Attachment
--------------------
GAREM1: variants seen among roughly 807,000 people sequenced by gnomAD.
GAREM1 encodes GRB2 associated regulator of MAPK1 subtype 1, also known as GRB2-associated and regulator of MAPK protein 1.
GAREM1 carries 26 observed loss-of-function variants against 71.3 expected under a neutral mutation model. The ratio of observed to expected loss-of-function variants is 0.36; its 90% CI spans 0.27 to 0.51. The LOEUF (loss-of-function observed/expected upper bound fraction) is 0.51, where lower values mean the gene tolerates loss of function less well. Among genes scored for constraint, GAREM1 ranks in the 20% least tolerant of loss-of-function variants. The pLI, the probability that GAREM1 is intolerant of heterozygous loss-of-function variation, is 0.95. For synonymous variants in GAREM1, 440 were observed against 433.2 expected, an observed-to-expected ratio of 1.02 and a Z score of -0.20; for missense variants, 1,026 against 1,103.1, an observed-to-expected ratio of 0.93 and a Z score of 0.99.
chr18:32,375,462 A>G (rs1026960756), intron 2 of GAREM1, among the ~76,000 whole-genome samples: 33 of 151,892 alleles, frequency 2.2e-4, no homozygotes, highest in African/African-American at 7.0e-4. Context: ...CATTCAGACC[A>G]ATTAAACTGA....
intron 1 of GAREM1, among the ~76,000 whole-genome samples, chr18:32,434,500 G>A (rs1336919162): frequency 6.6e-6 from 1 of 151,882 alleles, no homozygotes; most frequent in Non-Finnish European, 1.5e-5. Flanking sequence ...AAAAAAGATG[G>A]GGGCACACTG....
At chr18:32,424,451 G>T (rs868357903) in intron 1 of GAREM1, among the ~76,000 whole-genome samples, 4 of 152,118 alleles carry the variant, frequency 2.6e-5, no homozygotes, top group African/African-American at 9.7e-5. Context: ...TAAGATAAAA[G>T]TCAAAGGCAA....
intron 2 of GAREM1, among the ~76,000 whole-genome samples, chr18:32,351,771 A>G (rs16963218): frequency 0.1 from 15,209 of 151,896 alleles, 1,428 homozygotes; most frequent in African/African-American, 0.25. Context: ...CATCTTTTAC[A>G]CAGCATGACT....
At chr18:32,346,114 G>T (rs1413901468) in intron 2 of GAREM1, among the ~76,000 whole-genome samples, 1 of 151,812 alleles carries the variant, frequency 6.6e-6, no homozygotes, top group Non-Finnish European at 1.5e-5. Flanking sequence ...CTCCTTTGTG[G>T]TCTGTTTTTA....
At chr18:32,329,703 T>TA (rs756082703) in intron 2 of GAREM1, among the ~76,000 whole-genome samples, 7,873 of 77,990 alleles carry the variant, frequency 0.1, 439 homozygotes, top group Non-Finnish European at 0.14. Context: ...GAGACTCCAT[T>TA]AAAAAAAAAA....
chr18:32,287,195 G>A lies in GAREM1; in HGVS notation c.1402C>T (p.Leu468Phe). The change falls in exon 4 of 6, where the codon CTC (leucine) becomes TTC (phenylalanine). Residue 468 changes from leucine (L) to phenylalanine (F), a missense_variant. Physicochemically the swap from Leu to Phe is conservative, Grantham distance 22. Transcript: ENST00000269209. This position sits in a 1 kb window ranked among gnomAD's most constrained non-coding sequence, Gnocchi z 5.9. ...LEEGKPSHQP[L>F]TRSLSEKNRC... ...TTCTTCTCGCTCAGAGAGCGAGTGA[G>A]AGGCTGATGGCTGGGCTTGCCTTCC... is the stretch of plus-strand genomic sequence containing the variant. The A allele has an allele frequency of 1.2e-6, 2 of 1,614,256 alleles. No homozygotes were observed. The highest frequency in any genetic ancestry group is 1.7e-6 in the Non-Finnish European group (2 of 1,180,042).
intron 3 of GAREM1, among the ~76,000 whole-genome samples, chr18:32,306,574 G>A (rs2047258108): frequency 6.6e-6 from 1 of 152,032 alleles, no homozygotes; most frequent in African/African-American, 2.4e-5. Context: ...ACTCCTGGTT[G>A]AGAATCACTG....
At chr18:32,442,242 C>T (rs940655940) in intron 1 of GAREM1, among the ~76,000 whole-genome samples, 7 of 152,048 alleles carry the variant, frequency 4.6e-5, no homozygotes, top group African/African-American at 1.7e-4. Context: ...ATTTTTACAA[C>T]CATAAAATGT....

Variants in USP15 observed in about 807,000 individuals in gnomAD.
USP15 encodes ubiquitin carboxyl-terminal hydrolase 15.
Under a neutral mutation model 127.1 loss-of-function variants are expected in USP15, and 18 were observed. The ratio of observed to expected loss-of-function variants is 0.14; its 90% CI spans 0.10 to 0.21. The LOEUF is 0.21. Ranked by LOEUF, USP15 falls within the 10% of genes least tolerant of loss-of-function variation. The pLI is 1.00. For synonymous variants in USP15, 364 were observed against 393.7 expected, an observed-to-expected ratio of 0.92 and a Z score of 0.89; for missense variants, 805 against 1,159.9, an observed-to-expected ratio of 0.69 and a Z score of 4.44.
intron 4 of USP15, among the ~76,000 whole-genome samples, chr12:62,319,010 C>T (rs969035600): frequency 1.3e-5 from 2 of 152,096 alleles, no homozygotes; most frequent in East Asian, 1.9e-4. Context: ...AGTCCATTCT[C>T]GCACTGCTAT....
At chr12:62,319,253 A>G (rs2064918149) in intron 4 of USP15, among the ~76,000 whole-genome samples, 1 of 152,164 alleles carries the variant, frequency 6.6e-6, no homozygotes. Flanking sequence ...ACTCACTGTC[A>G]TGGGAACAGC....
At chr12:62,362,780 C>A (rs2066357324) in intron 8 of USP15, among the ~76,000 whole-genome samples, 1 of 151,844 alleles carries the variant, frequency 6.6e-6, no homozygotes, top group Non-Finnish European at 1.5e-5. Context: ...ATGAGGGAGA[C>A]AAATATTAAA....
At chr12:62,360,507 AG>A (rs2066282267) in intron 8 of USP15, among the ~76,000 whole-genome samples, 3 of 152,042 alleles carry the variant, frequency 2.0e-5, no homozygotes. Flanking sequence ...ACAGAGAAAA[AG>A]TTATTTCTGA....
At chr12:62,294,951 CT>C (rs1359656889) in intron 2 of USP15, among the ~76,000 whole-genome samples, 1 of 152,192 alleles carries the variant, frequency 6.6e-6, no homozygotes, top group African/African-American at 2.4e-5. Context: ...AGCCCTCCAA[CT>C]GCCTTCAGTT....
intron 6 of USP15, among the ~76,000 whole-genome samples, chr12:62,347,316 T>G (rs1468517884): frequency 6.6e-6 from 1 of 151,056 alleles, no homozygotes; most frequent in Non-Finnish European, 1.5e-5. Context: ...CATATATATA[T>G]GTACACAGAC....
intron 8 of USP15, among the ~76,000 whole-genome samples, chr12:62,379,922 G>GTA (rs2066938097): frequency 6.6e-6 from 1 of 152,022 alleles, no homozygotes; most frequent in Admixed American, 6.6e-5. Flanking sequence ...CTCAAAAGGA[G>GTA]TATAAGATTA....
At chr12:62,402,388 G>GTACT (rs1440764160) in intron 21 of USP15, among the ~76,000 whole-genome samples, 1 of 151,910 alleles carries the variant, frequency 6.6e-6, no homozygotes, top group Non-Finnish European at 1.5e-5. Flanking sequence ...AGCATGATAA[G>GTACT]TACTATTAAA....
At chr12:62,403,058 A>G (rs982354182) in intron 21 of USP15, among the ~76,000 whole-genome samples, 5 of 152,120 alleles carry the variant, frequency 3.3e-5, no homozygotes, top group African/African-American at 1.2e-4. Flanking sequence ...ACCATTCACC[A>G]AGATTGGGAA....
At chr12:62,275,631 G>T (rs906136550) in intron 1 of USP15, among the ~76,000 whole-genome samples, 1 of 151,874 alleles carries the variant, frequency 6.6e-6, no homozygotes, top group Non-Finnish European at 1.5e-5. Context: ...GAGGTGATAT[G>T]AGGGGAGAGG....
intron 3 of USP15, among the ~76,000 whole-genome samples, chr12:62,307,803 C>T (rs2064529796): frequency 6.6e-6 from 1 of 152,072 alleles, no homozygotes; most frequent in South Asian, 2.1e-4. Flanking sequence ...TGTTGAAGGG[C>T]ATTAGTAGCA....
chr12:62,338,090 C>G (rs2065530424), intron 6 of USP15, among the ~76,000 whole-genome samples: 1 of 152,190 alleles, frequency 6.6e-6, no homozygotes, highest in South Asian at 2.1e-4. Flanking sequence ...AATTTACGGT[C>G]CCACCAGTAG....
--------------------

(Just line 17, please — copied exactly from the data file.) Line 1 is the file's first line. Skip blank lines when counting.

At chr12:62,319,253 A>G (rs2064918149) in intron 4 of USP15, among the ~76,000 whole-genome samples, 1 of 152,164 alleles carries the variant, frequency 6.6e-6, no homozygotes. Flanking sequence ...ACTCACTGTC[A>G]TGGGAACAGC....